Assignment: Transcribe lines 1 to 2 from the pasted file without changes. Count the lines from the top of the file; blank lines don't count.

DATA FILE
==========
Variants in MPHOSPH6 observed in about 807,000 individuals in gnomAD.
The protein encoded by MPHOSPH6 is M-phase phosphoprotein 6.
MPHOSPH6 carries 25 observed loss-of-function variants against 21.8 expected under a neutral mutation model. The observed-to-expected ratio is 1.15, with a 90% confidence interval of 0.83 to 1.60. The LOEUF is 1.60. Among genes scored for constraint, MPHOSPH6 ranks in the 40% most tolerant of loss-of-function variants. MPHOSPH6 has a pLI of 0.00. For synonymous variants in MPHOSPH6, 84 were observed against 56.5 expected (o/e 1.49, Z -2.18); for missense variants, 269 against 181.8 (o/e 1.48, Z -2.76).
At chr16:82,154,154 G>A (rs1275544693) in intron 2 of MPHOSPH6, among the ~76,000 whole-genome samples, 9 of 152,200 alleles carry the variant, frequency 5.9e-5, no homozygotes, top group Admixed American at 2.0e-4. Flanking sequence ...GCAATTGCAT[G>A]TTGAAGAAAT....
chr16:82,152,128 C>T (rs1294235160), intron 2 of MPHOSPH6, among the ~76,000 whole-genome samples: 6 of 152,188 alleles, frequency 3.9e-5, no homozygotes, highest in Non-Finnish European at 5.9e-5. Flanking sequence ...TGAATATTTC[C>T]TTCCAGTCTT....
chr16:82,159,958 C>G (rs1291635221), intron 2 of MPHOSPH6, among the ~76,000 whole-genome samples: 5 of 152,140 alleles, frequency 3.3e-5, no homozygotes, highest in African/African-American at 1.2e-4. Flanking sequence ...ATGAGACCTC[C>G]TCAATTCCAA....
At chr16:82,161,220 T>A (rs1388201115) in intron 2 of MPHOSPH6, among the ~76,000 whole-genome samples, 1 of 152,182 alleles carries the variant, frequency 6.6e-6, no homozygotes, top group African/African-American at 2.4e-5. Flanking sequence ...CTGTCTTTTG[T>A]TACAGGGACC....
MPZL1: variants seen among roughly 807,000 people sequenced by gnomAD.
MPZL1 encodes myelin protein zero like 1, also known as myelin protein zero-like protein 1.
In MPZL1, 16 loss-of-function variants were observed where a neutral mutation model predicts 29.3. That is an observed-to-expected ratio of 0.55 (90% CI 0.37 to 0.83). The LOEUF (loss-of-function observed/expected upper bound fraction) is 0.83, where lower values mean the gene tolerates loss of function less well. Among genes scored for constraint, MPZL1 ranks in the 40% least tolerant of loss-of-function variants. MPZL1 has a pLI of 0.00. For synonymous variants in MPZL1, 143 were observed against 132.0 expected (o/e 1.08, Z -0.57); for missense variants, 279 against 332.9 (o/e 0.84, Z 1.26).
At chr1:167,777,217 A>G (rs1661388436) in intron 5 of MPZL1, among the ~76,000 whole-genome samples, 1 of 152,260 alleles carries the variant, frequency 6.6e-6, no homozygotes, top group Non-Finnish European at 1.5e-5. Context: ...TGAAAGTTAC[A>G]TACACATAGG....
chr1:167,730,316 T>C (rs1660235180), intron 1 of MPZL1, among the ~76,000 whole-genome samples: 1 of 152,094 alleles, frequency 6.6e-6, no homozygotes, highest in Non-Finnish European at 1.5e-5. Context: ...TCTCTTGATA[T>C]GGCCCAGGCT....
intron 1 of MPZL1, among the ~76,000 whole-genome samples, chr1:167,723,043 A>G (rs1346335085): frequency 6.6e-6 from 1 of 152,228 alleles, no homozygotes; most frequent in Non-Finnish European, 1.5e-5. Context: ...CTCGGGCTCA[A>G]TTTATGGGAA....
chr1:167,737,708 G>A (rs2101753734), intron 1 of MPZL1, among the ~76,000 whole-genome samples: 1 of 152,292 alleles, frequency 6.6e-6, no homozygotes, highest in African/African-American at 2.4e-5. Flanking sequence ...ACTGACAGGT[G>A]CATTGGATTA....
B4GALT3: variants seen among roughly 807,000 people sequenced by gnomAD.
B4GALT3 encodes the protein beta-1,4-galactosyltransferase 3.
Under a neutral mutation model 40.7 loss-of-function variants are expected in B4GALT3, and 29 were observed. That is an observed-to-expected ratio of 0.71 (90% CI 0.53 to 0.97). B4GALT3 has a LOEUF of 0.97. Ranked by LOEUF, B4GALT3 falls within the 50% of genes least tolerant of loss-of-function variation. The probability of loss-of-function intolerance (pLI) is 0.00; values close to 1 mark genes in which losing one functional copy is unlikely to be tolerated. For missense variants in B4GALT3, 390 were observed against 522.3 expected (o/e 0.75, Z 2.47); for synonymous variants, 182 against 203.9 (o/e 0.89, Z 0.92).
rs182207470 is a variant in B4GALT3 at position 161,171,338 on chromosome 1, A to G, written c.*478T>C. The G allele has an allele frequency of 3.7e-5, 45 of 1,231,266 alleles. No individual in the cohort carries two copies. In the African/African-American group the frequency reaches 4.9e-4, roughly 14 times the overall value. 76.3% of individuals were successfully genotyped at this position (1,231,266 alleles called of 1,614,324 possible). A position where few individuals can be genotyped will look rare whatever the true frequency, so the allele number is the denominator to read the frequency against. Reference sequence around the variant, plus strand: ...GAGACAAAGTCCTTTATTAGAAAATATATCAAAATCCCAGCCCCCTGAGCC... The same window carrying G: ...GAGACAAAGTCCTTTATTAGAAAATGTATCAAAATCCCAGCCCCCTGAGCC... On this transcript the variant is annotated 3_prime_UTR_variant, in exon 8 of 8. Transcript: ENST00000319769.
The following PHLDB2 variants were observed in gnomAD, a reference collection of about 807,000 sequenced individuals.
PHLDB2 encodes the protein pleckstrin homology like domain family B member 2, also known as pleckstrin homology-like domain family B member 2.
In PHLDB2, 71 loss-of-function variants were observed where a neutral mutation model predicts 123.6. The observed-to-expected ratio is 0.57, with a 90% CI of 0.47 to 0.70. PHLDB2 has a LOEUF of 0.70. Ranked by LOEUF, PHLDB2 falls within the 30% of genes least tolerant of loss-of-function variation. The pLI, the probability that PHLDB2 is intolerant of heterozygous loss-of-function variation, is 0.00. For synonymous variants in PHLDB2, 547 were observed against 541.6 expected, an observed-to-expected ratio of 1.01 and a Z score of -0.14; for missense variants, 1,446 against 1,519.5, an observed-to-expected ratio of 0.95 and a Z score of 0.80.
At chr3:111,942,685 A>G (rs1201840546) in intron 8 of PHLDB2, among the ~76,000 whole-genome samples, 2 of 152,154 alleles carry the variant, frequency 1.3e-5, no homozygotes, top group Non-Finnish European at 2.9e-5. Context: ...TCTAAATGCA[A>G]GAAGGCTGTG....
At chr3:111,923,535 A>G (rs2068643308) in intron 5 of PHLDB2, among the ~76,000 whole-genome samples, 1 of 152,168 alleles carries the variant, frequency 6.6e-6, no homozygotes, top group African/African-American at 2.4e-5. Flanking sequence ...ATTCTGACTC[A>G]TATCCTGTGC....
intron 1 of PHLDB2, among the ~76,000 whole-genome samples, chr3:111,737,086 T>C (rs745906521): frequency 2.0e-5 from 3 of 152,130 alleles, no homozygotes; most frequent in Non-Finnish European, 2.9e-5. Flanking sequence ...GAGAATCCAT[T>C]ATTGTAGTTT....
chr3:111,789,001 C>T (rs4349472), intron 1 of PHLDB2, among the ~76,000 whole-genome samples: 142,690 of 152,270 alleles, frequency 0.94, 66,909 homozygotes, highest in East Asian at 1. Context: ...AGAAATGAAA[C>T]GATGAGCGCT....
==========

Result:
Variants in MPHOSPH6 observed in about 807,000 individuals in gnomAD.
The protein encoded by MPHOSPH6 is M-phase phosphoprotein 6.